“Friendship is certainly the finest balm for the pangs of disappointed love.”—Northanger Abbey
Today is the 237th anniversary of Jane Austen’s birth, and we’re rapidly approaching the 200th anniversary of her most famous novel, Pride and Prejudice.
Like all Austen fans, I could go on and on about Jane, but I’ll keep it short: How many authors are still popular 200 years after they’re first published? Not many, that’s for sure.
Way to go, Jane!
Anyone who follows the literary world probably knows by now that Nobel-winning author VS Naipaul has embroiled himself in yet another literary controversy by claiming that women writers are inferior to him because they’re, well, not men. The outcry from women writers has been predictable, with Booker prize-winning New Zealand novelist Keri Hulme calling him a “misogynist prick” and a “slug” whose works are dying.
Women have a narrow view of the world, Naipaul claims, and write “sentimental tosh.” He even dismisses Jane Austen’s “sentimental ambitions.” This seems to indicate that either he has not actually read Jane Austen, or that he’s a much better writer than he is a reader. Like her or not, it’s difficult to argue convincingly that Austen was sentimental. In fact, she skewered sentimentality wherever she could.
As for a narrow view, yes, Austen took a narrow view in her books, quite deliberately. Some authors, male and female, choose to focus on a narrow slice of life, some range wider. To say that one view is inferior to the other is ridiculous. Authors get to choose about what they want to write about. We get to choose whether we want to read them or not. Austen homed in closely on narrow groups of people to make larger comments about the society in which she lived, particularly the status of women in Regency England.
You have to give Naipaul points for having chutzpah. He has previously pissed off Indian writers and author Paul Theroux (though the two have since made up), among others. And to claim that no woman writer is as good as he is–well, it’s really for other people to judge that, isn’t it? We’ve been reading Austen for 200 years. We can only guess whether anyone will be reading Naipaul 200 years from now.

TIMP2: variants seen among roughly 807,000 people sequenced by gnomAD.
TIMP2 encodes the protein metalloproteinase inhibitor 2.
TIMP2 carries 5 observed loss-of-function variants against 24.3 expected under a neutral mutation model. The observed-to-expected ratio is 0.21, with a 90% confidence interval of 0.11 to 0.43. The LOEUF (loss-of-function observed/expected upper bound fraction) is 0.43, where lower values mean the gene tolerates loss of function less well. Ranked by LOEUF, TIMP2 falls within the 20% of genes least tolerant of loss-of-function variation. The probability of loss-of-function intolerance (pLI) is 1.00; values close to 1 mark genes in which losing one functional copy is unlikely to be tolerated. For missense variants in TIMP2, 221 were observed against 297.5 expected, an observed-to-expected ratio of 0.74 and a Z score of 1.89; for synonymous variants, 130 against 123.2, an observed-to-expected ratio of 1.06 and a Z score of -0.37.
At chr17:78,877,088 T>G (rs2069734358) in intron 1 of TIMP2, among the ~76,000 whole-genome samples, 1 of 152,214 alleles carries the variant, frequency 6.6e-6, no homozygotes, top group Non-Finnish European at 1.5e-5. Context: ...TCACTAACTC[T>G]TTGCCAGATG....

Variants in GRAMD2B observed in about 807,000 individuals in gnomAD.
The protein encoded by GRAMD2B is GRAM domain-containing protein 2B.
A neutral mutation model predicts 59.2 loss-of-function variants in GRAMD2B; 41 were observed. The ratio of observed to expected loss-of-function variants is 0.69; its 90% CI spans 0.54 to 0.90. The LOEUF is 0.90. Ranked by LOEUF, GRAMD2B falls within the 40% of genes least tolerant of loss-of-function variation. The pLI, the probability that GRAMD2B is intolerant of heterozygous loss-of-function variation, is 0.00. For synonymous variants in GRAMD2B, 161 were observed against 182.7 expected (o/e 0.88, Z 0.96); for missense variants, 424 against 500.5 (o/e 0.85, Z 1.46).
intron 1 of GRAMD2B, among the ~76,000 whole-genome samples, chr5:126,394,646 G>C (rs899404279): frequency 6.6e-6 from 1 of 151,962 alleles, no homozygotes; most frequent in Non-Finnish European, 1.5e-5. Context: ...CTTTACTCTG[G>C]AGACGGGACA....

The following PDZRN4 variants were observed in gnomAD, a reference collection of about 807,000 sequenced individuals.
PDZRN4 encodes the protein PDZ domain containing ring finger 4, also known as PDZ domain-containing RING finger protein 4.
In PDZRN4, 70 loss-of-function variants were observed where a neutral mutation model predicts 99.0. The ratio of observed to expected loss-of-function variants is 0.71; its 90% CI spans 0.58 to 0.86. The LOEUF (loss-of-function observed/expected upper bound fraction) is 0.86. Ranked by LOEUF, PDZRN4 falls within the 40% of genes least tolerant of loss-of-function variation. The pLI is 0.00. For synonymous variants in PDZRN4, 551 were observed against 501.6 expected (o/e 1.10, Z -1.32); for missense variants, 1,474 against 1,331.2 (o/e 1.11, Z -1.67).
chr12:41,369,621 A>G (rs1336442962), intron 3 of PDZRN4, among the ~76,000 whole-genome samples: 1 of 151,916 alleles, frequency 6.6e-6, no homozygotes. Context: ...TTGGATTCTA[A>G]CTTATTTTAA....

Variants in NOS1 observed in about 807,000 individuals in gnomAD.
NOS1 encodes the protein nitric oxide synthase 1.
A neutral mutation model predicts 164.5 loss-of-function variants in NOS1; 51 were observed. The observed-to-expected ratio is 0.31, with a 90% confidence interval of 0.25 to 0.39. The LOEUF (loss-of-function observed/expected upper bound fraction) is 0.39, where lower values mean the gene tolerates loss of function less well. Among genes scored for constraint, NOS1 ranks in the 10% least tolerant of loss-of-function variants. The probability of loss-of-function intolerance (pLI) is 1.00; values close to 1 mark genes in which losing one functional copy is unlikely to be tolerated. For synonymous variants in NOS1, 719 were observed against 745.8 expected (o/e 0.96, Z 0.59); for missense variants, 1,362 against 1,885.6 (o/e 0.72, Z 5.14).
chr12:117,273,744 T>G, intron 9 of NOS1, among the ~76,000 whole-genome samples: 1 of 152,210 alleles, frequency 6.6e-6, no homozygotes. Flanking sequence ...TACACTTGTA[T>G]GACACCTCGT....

More to the point, women buy most books (regardless of the gender of the author), at least in the United States. Women read more than men do, and read across a wider range of genres and topics. Men often tend to avoid reading books from a woman’s point of view, while women read plenty of books written from a man’s point of view.
So who, exactly, has the narrower view here?
Here’s your chance to help choose the winner of the Bad Austen contest, a writing competition in the grand tradition of the Bulwer Lytton, Bad Hemingway and Bad Faulkner contests.
To enter the contest, which ended March 1, participants had to pen a scene, 800 words max, in the style of Jane Austen, and make it as entertainingly bad as possible. The top entry will win $250, and the best entries will be collected in a book.
Here’s hoping that like those other contests, Bad Austen will become an annual event.
In the meantime, cast your votes for some deliciously terrible Austen-inspired prose at the Bad Austen site.
It’s been quite a week for Colin Firth. The 50-year-old British actor got a star on the Hollywood Walk of Fame. He won Best Actor honors at both the Golden Globes and the Critics’ Choice Awards for his performance as the stammering King George VI in “The King’s Speech.” And critics and fans predict that he’ll take home the Best Actor Oscar in March. (The nominations won’t be announced till January 25, but Firth is sure to be on the list.) UPDATE: Colin Firth did indeed win the Oscar for Best Actor, though the Academy passed over Geoffrey Rush for supporting actor.
For three decades, Firth has given solid performances, ranging from comic to tragic, in a wide range of films, including “Valmont,” “Bridget Jones’ Diary,” “The English Patient,” “Shakespeare in Love,” “Love Actually,” “Fever Pitch,” “Nanny McPhee”, “Mamma Mia,” “Girl With a Pearl Earring” and “A Single Man” (which garnered him an Oscar nomination and a BAFTA win in 2009 for Best Actor).
But the role for which he has been most famous is that of Mr. Darcy in the BBC’s beloved 1995 production of Jane Austen’s “Pride and Prejudice.” Firth brought Mr. Darcy to life, and sent legions of female fans into a swoon when he emerged from a pond in a wet shirt. He followed up with a modern version of Darcy in “Bridget Jones’ Diary” and “Bridget Jones: The Edge of Reason.” For many (mostly female) fans, Colin Firth is Mr. Darcy, and vice versa.
James McAvoy will play Mr. Darcy in the screen version of “Pride and Prejudice and Zombies,” according to Scotland’s Daily Record, although other news sources and websites merely say that he’s “in talks” to play the part.
No one knows yet who’s playing Lizzy. Natalie Portman originally had the role but withdrew, though she’s still a producer. Scarlett Johansson was rumored as the lead, but the Daily Record claims Anne Hathaway is “top contender” for the role.
One can only hope that the two pair up in another Austen-inspired film. McAvoy and Hathaway lit up the screen in “Becoming Jane,” the charming 2007 chick flick based on Jane Austen’s romance with young lawyer-to-be Tom Lefroy.
The talented McAvoy has played everything from Lefroy to a violent assassin in “Wanted,” so slaying zombies while wearing a cravat should be right up his alley.
“Pride and Prejudice and Zombies,” Seth Grahame-Smith’s literary mashup of Jane Austen and undead mayhem, was one of the surprise bestsellers of 2009. The movie, directed by Mike White, is expected to be released in 2011.